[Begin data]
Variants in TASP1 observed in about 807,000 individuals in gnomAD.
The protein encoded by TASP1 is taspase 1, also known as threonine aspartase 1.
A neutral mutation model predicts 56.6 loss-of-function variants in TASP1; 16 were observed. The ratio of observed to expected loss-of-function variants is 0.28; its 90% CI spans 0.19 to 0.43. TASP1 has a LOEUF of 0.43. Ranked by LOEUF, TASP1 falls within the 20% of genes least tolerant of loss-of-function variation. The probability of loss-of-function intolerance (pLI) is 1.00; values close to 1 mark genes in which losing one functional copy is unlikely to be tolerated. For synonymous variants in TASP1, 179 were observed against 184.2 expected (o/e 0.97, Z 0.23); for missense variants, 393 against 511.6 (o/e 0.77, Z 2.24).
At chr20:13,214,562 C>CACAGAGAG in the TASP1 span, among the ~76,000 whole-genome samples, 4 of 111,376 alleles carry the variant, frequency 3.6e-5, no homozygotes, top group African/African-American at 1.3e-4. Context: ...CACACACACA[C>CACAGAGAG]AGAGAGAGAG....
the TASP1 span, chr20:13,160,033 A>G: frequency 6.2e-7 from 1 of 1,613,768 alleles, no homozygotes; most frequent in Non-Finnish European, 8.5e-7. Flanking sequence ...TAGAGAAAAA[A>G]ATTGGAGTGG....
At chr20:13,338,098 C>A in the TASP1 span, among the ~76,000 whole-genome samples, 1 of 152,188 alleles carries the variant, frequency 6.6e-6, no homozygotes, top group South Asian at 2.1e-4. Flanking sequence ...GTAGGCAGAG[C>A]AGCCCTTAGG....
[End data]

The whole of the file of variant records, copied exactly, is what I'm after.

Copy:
Variants in TASP1 observed in about 807,000 individuals in gnomAD.
The protein encoded by TASP1 is taspase 1, also known as threonine aspartase 1.
A neutral mutation model predicts 56.6 loss-of-function variants in TASP1; 16 were observed. The ratio of observed to expected loss-of-function variants is 0.28; its 90% CI spans 0.19 to 0.43. TASP1 has a LOEUF of 0.43. Ranked by LOEUF, TASP1 falls within the 20% of genes least tolerant of loss-of-function variation. The probability of loss-of-function intolerance (pLI) is 1.00; values close to 1 mark genes in which losing one functional copy is unlikely to be tolerated. For synonymous variants in TASP1, 179 were observed against 184.2 expected (o/e 0.97, Z 0.23); for missense variants, 393 against 511.6 (o/e 0.77, Z 2.24).
At chr20:13,214,562 C>CACAGAGAG in the TASP1 span, among the ~76,000 whole-genome samples, 4 of 111,376 alleles carry the variant, frequency 3.6e-5, no homozygotes, top group African/African-American at 1.3e-4. Context: ...CACACACACA[C>CACAGAGAG]AGAGAGAGAG....
the TASP1 span, chr20:13,160,033 A>G: frequency 6.2e-7 from 1 of 1,613,768 alleles, no homozygotes; most frequent in Non-Finnish European, 8.5e-7. Flanking sequence ...TAGAGAAAAA[A>G]ATTGGAGTGG....
At chr20:13,338,098 C>A in the TASP1 span, among the ~76,000 whole-genome samples, 1 of 152,188 alleles carries the variant, frequency 6.6e-6, no homozygotes, top group South Asian at 2.1e-4. Flanking sequence ...GTAGGCAGAG[C>A]AGCCCTTAGG....